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I'm updating the forum with some new stickies - member "Apollo83" suggested I write a glosarry to explain certain things - so here it is - it will be updated as I find time.

ABC is short for "altimeter, barometer and compass" - an ABC-watch is a watch that combines those features - all ABC-watches also have a thermometer - which is needed for the internal calculations of the watch but is however fairly useless while wearing the watch on the wrist. ABC-watches are made by a number of companies - best-known are probably Suunto (which have their own sub-forum) and Casio. But there's also ABC-watches from Timex, Tech4o, Techtrail (aka Highgear), etc.

And Alti-Lock locks the altimeter on a AB(C)-watch as the name suggests - it can be done manually or automatically - once the alti-lock is engaged the watch will interpret any change in air pressure as a weather change and the displayed altitude will be the same. Some watches - like the Suunto Core - have automatic alti-locks or automatic profiles - which means the watch will interpret the change of air-pressure depending on the speed of the change - if pressure changes slowly the watch will "assume" it's a weather change and will only update the displayed pressure while elevation stays the same. If the pressure is changing rapidly the watch will interpret it as a change in height and act accordingly.

Digital watches
Seems to be obvious - digital watches are watches with a digital read-out - most of them are quartz watches but there's also some mechanical watches with a digital read-out. Technically speaking it's a little more complicated than that to define what "digital" is but this is the common use of the term "digital watch" and we're simply gonna go with that. The first digital watches had LEDs which were very power-hungry and only showed the time when pressing a button. They were replaced with LCDs which use less power. Nowadays there's also E-Ink displays which have a great contrast low power consumption but so far a low refresh rate - which makes them not suited for fast changing digits e.g. while using a stopwatch.

E-Ink (added by xevious)
(Electrophoretic Ink) is a specific proprietary type of electronic "paper" manufactured by E Ink Corporation, the company that owns the patent on the technology filed in 1996. The technology is really fascinating, as the quality of display makes it look like printed material. Rather than requiring a constant power source as in the case with LCD and LED displays, the energy used to form the pixels (212 ppi in the latest version) is all that is required--absolutely zero to sustain it. This is great for e-Readers (electronic books) and for other displays where the information doesn't change rapidly. The technology has migrated to timepieces in limited numbers. SEIKO and Citizen were the first major watch makers to utilize it. The only inherent problem with e-ink technology is for timers that show 10ths or 100ths of a second. The e-ink technology can't repaint the digits fast enough to look reasonably well, not to mention the energy overhead in doing so. And creating a split screen where one small LCD area handles data with rapid digit changes makes for an undesirable engineering challenge, in addition to the cost of providing two very different forms of display mechanisms. In all likelihood, since the e-ink displays are still in their infancy, there will be technological improvements to facilitate rapid random access repainting of specific areas without a major hit on power consumption. Either that, or the makers could just use a flashing ellipse in the fractional digits area, then display the captured data when the stop button is pressed, because that data is really only relevant when the timing stops--not while it's running. Visit Wikipedia for more detailed information, or go right to the source: E-Ink Corporation.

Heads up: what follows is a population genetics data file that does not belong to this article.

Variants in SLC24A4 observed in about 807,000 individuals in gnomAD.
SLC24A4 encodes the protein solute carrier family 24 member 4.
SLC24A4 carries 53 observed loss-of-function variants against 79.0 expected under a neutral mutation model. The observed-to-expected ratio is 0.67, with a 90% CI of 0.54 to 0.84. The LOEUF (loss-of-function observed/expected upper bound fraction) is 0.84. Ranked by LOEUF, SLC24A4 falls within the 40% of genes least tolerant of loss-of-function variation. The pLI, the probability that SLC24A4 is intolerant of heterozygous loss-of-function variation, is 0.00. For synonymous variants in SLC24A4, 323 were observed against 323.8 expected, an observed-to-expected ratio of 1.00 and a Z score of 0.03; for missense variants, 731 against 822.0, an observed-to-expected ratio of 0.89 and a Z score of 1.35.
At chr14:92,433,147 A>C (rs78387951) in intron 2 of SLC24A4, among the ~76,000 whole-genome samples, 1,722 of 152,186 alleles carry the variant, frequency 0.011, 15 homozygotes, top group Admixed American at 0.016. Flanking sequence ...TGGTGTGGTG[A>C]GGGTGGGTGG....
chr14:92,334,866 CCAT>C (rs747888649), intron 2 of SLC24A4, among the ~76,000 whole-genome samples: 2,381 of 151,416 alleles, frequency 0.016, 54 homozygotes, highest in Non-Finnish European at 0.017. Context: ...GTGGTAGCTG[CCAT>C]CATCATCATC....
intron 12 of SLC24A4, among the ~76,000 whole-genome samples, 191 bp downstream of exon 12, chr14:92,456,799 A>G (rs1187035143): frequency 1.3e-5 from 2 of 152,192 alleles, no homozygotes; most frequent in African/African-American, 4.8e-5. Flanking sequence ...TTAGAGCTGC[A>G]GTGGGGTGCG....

Many ABC-watches offer MSLP - it's short for "mean sea level pressure" and is the barometric standard - normally 1013 hPa is "neutral" - anything below that is a low and if the pressure is higher it's a high. A watch that offers MSLP calculates that value from the absolute pressure it's measuring with the sensors. It's of course not really the current air pressure at sea level (only if you're actually there of course in which case absolute pressure and MSLP will be the same anyway)- it's just calculated to that height so we have a standard by which to define "low" and "high". On watches with MSLP you can usually use that to calibrate the watch - if you know the current MSLP (from a weather site on the internet for example) you can put it in the watch and the watch will calculate the current altitude based on the absolute pressure it measures. It also works the other way round - by putting in the current elevation the watch can calculate the MSLP. Unfortunately no Casio ABC-watch to this date has MSLP. But most other brands do. It gives a nice indicator about the weather to come and it makes calibration easier.

Smartwatches are basically small wristop computers which can connect with a smartphone - but AFAIK there's also stand-alone smartwatches. They offer a high grade of customization - like infinite number of alarms, programable timers, etc. But they also have a high power consumption because of that and need to be frequently recharged like a cellphone.

That's it for now - feel free to contact me for any corrections, etc. I want this to be put together by the members of this forum and not just copied from Wikipedia or anything - the explanations don't need to be too long either.

cheers, Sedi :)
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